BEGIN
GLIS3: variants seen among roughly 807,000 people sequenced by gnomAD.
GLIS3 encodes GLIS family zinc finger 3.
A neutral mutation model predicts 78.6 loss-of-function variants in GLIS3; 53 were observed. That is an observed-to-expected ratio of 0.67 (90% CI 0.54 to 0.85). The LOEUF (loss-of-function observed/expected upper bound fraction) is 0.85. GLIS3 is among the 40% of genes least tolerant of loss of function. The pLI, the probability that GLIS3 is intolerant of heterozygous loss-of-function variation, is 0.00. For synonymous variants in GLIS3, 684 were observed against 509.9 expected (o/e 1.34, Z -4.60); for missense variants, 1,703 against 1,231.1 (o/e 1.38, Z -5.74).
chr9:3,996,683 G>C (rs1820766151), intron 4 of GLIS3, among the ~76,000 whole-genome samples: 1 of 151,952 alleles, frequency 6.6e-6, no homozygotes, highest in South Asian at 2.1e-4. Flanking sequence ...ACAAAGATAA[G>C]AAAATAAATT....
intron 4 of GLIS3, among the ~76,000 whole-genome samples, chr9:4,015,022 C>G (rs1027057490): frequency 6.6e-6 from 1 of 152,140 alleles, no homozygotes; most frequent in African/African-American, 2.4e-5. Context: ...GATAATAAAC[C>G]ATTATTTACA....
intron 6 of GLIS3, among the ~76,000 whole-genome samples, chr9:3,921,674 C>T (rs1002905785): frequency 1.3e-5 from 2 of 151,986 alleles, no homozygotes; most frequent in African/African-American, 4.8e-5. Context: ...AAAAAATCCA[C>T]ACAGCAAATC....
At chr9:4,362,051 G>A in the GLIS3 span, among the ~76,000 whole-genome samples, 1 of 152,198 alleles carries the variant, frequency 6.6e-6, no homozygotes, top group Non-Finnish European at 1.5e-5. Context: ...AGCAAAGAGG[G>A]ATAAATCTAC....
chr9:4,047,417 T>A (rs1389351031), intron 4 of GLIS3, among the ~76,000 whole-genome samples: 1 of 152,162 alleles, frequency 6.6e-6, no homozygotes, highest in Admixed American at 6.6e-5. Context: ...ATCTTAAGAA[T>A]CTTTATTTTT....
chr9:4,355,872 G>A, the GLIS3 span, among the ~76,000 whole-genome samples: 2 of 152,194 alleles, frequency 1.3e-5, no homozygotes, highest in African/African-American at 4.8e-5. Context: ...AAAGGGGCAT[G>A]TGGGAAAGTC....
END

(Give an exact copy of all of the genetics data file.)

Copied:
GLIS3: variants seen among roughly 807,000 people sequenced by gnomAD.
GLIS3 encodes GLIS family zinc finger 3.
A neutral mutation model predicts 78.6 loss-of-function variants in GLIS3; 53 were observed. That is an observed-to-expected ratio of 0.67 (90% CI 0.54 to 0.85). The LOEUF (loss-of-function observed/expected upper bound fraction) is 0.85. GLIS3 is among the 40% of genes least tolerant of loss of function. The pLI, the probability that GLIS3 is intolerant of heterozygous loss-of-function variation, is 0.00. For synonymous variants in GLIS3, 684 were observed against 509.9 expected (o/e 1.34, Z -4.60); for missense variants, 1,703 against 1,231.1 (o/e 1.38, Z -5.74).
chr9:3,996,683 G>C (rs1820766151), intron 4 of GLIS3, among the ~76,000 whole-genome samples: 1 of 151,952 alleles, frequency 6.6e-6, no homozygotes, highest in South Asian at 2.1e-4. Flanking sequence ...ACAAAGATAA[G>C]AAAATAAATT....
intron 4 of GLIS3, among the ~76,000 whole-genome samples, chr9:4,015,022 C>G (rs1027057490): frequency 6.6e-6 from 1 of 152,140 alleles, no homozygotes; most frequent in African/African-American, 2.4e-5. Context: ...GATAATAAAC[C>G]ATTATTTACA....
intron 6 of GLIS3, among the ~76,000 whole-genome samples, chr9:3,921,674 C>T (rs1002905785): frequency 1.3e-5 from 2 of 151,986 alleles, no homozygotes; most frequent in African/African-American, 4.8e-5. Context: ...AAAAAATCCA[C>T]ACAGCAAATC....
At chr9:4,362,051 G>A in the GLIS3 span, among the ~76,000 whole-genome samples, 1 of 152,198 alleles carries the variant, frequency 6.6e-6, no homozygotes, top group Non-Finnish European at 1.5e-5. Context: ...AGCAAAGAGG[G>A]ATAAATCTAC....
chr9:4,047,417 T>A (rs1389351031), intron 4 of GLIS3, among the ~76,000 whole-genome samples: 1 of 152,162 alleles, frequency 6.6e-6, no homozygotes, highest in Admixed American at 6.6e-5. Context: ...ATCTTAAGAA[T>A]CTTTATTTTT....
chr9:4,355,872 G>A, the GLIS3 span, among the ~76,000 whole-genome samples: 2 of 152,194 alleles, frequency 1.3e-5, no homozygotes, highest in African/African-American at 4.8e-5. Context: ...AAAGGGGCAT[G>A]TGGGAAAGTC....